Use of Observations
Although observation is a large part of how we learn, observation as a tool of research requires systematic and careful examination of the phenomena being studied. Specifically, researchers who choose to use observation must conduct their observations in a way that results in accurate, unbiased, and richly detailed information.
We casually observe people’s fashions, the way they wear their hair, and how they act, but this does not constitute observation as a research tool. Observation as a research tool requires training in both what to observe and how to record the observations.
Degrees of Researcher Participation
When conducting observations, the primary goal is to gather data that are accurate and naturalistic and, to the greatest extent possible, that reflect the reality of the situation as the participants see it. This necessitates that you as the researcher become familiar with the setting and that the participants are comfortable with your presence. Before the start of the observation, you must decide to what degree you will allow yourself to be involved in the setting. There are certainly varying degrees of involvement that you can choose.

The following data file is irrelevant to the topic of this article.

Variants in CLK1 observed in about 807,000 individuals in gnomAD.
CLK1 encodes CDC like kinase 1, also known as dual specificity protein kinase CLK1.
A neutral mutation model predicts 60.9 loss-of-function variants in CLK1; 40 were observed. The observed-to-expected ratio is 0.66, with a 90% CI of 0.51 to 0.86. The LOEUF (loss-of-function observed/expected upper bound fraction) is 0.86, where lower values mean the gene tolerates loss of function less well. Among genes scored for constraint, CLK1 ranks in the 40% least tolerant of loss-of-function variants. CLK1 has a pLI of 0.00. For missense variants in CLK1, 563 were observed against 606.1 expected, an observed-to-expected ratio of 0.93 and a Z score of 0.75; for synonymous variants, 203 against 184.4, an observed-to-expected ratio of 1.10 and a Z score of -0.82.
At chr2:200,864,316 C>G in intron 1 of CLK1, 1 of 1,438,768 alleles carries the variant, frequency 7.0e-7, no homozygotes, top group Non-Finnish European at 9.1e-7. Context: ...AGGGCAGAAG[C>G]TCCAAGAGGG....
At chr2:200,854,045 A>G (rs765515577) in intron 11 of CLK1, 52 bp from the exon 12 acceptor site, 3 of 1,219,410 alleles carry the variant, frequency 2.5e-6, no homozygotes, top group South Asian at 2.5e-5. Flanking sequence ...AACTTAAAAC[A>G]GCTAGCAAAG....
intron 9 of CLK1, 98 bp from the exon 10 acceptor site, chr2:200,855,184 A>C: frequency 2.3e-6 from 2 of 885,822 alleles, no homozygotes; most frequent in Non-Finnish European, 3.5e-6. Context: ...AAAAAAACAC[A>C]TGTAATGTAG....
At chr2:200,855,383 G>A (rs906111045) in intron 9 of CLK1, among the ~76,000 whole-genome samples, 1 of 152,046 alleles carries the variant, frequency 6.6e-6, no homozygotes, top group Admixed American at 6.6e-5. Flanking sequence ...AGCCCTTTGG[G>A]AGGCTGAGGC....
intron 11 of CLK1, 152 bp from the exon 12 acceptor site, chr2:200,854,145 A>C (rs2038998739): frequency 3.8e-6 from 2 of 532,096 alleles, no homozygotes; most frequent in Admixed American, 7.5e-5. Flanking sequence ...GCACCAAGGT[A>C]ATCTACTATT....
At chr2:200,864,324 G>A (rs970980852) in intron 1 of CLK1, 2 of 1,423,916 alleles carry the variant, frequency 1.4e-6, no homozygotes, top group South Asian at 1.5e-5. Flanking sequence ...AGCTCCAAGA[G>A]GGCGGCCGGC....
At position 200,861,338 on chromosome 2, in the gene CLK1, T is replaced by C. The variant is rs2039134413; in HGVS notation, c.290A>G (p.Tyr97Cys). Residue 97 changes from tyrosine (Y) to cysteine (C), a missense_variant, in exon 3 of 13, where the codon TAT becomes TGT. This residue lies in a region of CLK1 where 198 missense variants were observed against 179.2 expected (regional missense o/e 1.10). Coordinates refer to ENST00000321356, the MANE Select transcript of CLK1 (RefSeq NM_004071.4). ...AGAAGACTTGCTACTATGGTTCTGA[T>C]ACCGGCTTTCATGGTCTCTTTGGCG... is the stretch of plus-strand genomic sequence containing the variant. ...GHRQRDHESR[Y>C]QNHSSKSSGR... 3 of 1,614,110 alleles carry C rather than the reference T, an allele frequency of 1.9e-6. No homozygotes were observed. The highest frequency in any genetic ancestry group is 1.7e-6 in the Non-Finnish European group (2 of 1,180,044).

The previous categories are still too broad to be much help in focusing one’s observations. Therefore, many qualitative researchers develop an observational protocol specific to the topic of the study. Protocols are generally designed to gather data that cannot be predicted in advance.
Even when collecting qualitative data, it is important to have a protocol that will help guide the collection of data in a systematic and focused manner. Observational protocols may take different forms. In ethnographic or case study research, observational protocols are typically unstructured.
Some observational protocols include a recording sheet to be used in the observation. The recording sheet may simply provide an organized space for recording the details of what happens in a particular setting. Exhibit 5.4 presents an observational protocol and recording sheet for a qualitative program evaluation of an after-school poetry club.
Conducting and Recording Observations
Conducting good observational research takes time and practice. Before beginning, you should carefully prepare for your observations by reviewing the foreshadowed questions of your study to give you a clear idea of what behaviors and activities you will be looking for: they will focus your attention.
The observations or “raw data” produced by your observations will form the basis for the results and conclusions you draw in the study. As such, your recording of this information must be detailed, precise, and accurate. Most qualitative researchers write down their observations in the form of field notes, which are written descriptions of what the research observes in the field.